SunPower's SPR-X21-350-BLK listed above is the highest efficiency residential solar module. The SPR-21-350-BLK also has the second best temperature coefficient at an impressive -0.29%/℃.

Is it worth paying extra for a premium brand panel?

Despite the extra price tag premium panels lose less output as temperature rises, have a higher efficiency and come with stronger warranties. The industry has implemented 3 different tiers for judging solar manufacturers: Tier 1, Tier 2 and Tier 3. Tier 1 represents the highest quality. Some examples of Tier 1 brands include Sunpower, Solarworld, Panasonic, LG, Trina, Jinko, Rene Solar and Canadian Solar.

Generally speaking, Tier 1 panels cost about 10-30 percent more than Tier 2 or 3 panels. Reputable installers typically use Tier 1 brands, and panel prices work out to be very similar. That being said, you’ll probably have to pay extra is for the very top Tier 1 brands like Panasonic or SunPower.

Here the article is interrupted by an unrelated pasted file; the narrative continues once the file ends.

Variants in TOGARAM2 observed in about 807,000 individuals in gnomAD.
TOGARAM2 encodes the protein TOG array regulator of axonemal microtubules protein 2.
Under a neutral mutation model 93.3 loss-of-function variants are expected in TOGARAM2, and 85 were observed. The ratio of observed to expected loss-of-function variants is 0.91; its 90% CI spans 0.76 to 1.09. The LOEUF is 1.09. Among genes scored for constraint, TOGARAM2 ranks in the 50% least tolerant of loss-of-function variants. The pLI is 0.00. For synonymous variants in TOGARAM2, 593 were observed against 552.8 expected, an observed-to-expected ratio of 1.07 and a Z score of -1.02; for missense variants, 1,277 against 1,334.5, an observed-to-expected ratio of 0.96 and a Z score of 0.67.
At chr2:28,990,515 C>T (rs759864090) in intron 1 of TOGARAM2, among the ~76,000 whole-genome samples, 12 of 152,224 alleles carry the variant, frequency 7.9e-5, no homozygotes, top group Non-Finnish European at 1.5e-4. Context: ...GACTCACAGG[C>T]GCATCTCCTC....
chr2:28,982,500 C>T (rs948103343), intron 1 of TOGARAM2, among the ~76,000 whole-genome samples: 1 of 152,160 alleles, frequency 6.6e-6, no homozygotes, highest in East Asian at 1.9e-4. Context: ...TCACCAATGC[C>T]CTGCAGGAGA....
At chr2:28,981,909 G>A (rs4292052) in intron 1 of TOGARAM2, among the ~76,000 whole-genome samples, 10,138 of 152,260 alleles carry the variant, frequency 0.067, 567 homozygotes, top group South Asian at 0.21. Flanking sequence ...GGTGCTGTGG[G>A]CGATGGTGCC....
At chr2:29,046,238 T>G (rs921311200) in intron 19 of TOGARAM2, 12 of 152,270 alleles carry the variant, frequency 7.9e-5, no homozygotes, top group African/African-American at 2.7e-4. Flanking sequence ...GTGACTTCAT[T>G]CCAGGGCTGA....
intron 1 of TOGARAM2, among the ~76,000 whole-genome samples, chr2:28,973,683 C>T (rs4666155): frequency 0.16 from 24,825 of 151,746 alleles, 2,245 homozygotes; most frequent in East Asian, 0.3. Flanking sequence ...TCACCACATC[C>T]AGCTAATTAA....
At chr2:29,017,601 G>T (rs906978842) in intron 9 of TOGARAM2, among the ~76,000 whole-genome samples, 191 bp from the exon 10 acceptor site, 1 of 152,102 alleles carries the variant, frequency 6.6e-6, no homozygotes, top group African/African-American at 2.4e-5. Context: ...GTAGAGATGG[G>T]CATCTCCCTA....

Brands like Panasonic and SunPower have power outputs that degrade much less over time than other panels. This means more energy will be produced over the life of the system, which is less power that needs to be purchased from the utility. Despite the additional $1,000-$3,000 to your initial investment, the savings over time will more than makeup for this.  

How long is a solar panel warranty?

There are two types of warranties for solar panels: product warranties and power output warranties. Product warranties cover defects in the panel that cause it to stop working and normally last for 10 years. The power output warranties are a guarantee that the panel will produce a certain percentage of its rated output, usually for a term of 25 years.